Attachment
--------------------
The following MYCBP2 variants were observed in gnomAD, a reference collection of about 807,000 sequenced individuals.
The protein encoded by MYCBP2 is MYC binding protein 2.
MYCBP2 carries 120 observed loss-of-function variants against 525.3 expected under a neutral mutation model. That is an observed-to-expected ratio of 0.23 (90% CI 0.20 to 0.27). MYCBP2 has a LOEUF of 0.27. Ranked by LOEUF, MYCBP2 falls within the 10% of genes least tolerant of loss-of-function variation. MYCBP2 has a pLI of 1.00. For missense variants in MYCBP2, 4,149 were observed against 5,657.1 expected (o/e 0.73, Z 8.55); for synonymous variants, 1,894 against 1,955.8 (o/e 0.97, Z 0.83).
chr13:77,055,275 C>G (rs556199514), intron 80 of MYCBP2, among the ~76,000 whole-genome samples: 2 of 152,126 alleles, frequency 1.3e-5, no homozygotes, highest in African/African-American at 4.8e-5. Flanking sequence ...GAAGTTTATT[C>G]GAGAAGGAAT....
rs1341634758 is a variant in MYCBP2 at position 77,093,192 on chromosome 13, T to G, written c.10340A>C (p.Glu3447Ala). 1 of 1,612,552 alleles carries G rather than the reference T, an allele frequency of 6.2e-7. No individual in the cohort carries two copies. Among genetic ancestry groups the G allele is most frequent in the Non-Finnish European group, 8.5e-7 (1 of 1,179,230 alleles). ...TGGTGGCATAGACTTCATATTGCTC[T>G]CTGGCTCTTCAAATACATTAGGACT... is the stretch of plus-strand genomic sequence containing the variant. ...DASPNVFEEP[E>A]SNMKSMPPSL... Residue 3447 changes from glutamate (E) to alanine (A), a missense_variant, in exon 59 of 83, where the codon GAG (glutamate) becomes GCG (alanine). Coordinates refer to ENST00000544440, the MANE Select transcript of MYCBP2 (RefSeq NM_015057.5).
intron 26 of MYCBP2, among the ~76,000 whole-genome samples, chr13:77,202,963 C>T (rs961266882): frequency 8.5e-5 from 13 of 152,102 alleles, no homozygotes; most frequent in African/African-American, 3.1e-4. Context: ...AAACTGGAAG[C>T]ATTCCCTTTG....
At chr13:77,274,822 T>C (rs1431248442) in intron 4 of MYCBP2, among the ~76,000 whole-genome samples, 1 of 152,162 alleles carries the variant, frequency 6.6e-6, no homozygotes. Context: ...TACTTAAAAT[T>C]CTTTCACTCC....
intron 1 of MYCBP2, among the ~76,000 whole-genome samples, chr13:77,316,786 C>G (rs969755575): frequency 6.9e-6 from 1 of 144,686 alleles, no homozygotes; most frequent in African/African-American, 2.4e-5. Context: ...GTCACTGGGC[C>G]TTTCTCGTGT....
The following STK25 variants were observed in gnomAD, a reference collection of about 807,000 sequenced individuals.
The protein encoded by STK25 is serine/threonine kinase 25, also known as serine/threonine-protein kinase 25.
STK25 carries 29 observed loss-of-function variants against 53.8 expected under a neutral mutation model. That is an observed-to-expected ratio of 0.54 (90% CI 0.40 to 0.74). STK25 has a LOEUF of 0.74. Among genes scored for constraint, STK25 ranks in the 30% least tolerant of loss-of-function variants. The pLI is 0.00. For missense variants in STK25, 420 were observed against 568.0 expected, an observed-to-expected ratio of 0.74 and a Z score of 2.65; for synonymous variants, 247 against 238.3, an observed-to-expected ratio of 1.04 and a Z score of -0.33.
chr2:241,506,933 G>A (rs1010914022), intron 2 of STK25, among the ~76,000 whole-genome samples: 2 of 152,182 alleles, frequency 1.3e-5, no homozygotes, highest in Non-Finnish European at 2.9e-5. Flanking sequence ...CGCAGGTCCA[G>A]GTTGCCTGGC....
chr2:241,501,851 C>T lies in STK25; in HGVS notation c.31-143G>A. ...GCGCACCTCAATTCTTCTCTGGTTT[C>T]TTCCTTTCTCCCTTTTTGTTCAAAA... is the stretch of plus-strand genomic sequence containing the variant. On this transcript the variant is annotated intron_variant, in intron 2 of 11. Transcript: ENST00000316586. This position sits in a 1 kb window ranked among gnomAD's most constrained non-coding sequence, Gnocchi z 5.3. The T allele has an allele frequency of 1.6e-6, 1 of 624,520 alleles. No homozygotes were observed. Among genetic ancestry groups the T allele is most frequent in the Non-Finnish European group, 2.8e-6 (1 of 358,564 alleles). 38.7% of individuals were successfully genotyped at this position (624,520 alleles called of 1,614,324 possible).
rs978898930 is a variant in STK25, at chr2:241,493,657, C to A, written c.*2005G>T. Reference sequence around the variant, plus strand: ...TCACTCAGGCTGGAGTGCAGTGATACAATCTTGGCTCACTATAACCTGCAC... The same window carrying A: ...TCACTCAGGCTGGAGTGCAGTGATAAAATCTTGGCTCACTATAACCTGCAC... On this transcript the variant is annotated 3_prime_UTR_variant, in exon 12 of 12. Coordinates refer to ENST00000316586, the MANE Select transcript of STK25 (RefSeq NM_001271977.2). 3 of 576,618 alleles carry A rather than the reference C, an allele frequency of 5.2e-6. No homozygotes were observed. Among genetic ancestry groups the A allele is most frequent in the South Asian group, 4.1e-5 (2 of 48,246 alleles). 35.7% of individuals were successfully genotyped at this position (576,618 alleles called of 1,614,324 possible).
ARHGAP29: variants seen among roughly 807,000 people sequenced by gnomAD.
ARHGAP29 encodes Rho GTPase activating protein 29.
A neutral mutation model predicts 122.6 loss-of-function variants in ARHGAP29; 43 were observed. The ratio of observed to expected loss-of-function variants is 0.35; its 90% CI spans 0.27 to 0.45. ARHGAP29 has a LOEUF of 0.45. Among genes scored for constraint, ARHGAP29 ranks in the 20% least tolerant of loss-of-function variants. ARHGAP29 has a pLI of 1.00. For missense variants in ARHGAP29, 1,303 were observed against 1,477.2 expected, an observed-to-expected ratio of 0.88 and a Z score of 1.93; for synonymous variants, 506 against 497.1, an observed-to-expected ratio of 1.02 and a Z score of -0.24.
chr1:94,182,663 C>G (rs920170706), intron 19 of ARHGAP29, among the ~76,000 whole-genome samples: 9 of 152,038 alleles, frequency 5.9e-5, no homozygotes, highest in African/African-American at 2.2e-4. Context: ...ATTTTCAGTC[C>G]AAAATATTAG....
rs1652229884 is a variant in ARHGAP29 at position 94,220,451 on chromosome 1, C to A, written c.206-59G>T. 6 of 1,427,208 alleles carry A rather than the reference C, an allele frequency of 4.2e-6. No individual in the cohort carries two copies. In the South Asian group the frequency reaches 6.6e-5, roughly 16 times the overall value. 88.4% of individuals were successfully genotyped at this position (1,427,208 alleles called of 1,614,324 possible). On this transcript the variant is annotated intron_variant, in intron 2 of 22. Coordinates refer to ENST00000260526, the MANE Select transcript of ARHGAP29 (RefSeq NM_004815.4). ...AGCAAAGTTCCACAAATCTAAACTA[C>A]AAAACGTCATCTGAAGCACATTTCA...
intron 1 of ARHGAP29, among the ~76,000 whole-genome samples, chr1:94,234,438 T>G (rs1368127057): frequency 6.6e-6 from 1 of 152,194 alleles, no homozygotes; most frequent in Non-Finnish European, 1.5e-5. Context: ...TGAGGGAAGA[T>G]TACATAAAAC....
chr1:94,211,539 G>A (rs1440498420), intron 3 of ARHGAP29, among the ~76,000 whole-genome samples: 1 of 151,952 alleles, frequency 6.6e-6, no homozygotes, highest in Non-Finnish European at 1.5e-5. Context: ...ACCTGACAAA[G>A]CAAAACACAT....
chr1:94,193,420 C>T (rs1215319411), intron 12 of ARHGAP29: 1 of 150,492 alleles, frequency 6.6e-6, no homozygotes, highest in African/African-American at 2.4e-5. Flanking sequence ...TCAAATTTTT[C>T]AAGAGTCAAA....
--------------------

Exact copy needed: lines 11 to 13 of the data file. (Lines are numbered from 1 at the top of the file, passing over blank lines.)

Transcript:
STK25 carries 29 observed loss-of-function variants against 53.8 expected under a neutral mutation model. That is an observed-to-expected ratio of 0.54 (90% CI 0.40 to 0.74). STK25 has a LOEUF of 0.74. Among genes scored for constraint, STK25 ranks in the 30% least tolerant of loss-of-function variants. The pLI is 0.00. For missense variants in STK25, 420 were observed against 568.0 expected, an observed-to-expected ratio of 0.74 and a Z score of 2.65; for synonymous variants, 247 against 238.3, an observed-to-expected ratio of 1.04 and a Z score of -0.33.
chr2:241,506,933 G>A (rs1010914022), intron 2 of STK25, among the ~76,000 whole-genome samples: 2 of 152,182 alleles, frequency 1.3e-5, no homozygotes, highest in Non-Finnish European at 2.9e-5. Flanking sequence ...CGCAGGTCCA[G>A]GTTGCCTGGC....
chr2:241,501,851 C>T lies in STK25; in HGVS notation c.31-143G>A. ...GCGCACCTCAATTCTTCTCTGGTTT[C>T]TTCCTTTCTCCCTTTTTGTTCAAAA... is the stretch of plus-strand genomic sequence containing the variant. On this transcript the variant is annotated intron_variant, in intron 2 of 11. Transcript: ENST00000316586. This position sits in a 1 kb window ranked among gnomAD's most constrained non-coding sequence, Gnocchi z 5.3. The T allele has an allele frequency of 1.6e-6, 1 of 624,520 alleles. No homozygotes were observed. Among genetic ancestry groups the T allele is most frequent in the Non-Finnish European group, 2.8e-6 (1 of 358,564 alleles). 38.7% of individuals were successfully genotyped at this position (624,520 alleles called of 1,614,324 possible).